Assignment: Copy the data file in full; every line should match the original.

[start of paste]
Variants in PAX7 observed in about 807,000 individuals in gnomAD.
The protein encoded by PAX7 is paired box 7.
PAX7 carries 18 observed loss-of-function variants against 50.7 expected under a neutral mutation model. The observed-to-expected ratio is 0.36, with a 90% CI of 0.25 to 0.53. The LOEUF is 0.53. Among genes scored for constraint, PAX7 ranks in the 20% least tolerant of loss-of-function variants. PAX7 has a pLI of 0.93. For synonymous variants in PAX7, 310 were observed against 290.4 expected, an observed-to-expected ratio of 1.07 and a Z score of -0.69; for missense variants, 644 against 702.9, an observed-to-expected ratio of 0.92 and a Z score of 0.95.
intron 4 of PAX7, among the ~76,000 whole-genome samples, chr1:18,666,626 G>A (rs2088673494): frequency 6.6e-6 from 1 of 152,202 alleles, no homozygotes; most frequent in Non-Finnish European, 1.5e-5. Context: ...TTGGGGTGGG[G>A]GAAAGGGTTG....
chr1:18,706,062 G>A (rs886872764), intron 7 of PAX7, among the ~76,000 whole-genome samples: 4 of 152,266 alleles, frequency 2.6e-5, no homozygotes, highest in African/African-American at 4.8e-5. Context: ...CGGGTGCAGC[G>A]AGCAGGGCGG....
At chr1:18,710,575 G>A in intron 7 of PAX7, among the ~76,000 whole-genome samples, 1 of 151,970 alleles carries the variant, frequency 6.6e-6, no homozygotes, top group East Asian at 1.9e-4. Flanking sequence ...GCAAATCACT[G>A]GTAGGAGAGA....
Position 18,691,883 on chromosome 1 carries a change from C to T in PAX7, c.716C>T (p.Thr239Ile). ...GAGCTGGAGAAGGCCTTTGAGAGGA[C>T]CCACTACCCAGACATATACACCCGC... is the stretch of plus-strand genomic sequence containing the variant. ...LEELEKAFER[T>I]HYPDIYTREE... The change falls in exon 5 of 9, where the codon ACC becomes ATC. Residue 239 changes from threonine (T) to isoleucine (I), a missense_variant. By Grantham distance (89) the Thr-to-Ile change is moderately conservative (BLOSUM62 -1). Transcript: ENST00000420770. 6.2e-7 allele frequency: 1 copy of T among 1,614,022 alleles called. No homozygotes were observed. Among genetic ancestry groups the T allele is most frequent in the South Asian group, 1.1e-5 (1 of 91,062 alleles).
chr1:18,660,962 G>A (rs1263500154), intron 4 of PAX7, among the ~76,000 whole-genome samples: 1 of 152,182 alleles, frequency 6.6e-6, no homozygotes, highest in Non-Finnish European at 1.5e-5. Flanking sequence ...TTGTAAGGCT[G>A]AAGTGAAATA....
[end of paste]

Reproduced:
Variants in PAX7 observed in about 807,000 individuals in gnomAD.
The protein encoded by PAX7 is paired box 7.
PAX7 carries 18 observed loss-of-function variants against 50.7 expected under a neutral mutation model. The observed-to-expected ratio is 0.36, with a 90% CI of 0.25 to 0.53. The LOEUF is 0.53. Among genes scored for constraint, PAX7 ranks in the 20% least tolerant of loss-of-function variants. PAX7 has a pLI of 0.93. For synonymous variants in PAX7, 310 were observed against 290.4 expected, an observed-to-expected ratio of 1.07 and a Z score of -0.69; for missense variants, 644 against 702.9, an observed-to-expected ratio of 0.92 and a Z score of 0.95.
intron 4 of PAX7, among the ~76,000 whole-genome samples, chr1:18,666,626 G>A (rs2088673494): frequency 6.6e-6 from 1 of 152,202 alleles, no homozygotes; most frequent in Non-Finnish European, 1.5e-5. Context: ...TTGGGGTGGG[G>A]GAAAGGGTTG....
chr1:18,706,062 G>A (rs886872764), intron 7 of PAX7, among the ~76,000 whole-genome samples: 4 of 152,266 alleles, frequency 2.6e-5, no homozygotes, highest in African/African-American at 4.8e-5. Context: ...CGGGTGCAGC[G>A]AGCAGGGCGG....
At chr1:18,710,575 G>A in intron 7 of PAX7, among the ~76,000 whole-genome samples, 1 of 151,970 alleles carries the variant, frequency 6.6e-6, no homozygotes, top group East Asian at 1.9e-4. Flanking sequence ...GCAAATCACT[G>A]GTAGGAGAGA....
Position 18,691,883 on chromosome 1 carries a change from C to T in PAX7, c.716C>T (p.Thr239Ile). ...GAGCTGGAGAAGGCCTTTGAGAGGA[C>T]CCACTACCCAGACATATACACCCGC... is the stretch of plus-strand genomic sequence containing the variant. ...LEELEKAFER[T>I]HYPDIYTREE... The change falls in exon 5 of 9, where the codon ACC becomes ATC. Residue 239 changes from threonine (T) to isoleucine (I), a missense_variant. By Grantham distance (89) the Thr-to-Ile change is moderately conservative (BLOSUM62 -1). Transcript: ENST00000420770. 6.2e-7 allele frequency: 1 copy of T among 1,614,022 alleles called. No homozygotes were observed. Among genetic ancestry groups the T allele is most frequent in the South Asian group, 1.1e-5 (1 of 91,062 alleles).
chr1:18,660,962 G>A (rs1263500154), intron 4 of PAX7, among the ~76,000 whole-genome samples: 1 of 152,182 alleles, frequency 6.6e-6, no homozygotes, highest in Non-Finnish European at 1.5e-5. Flanking sequence ...TTGTAAGGCT[G>A]AAGTGAAATA....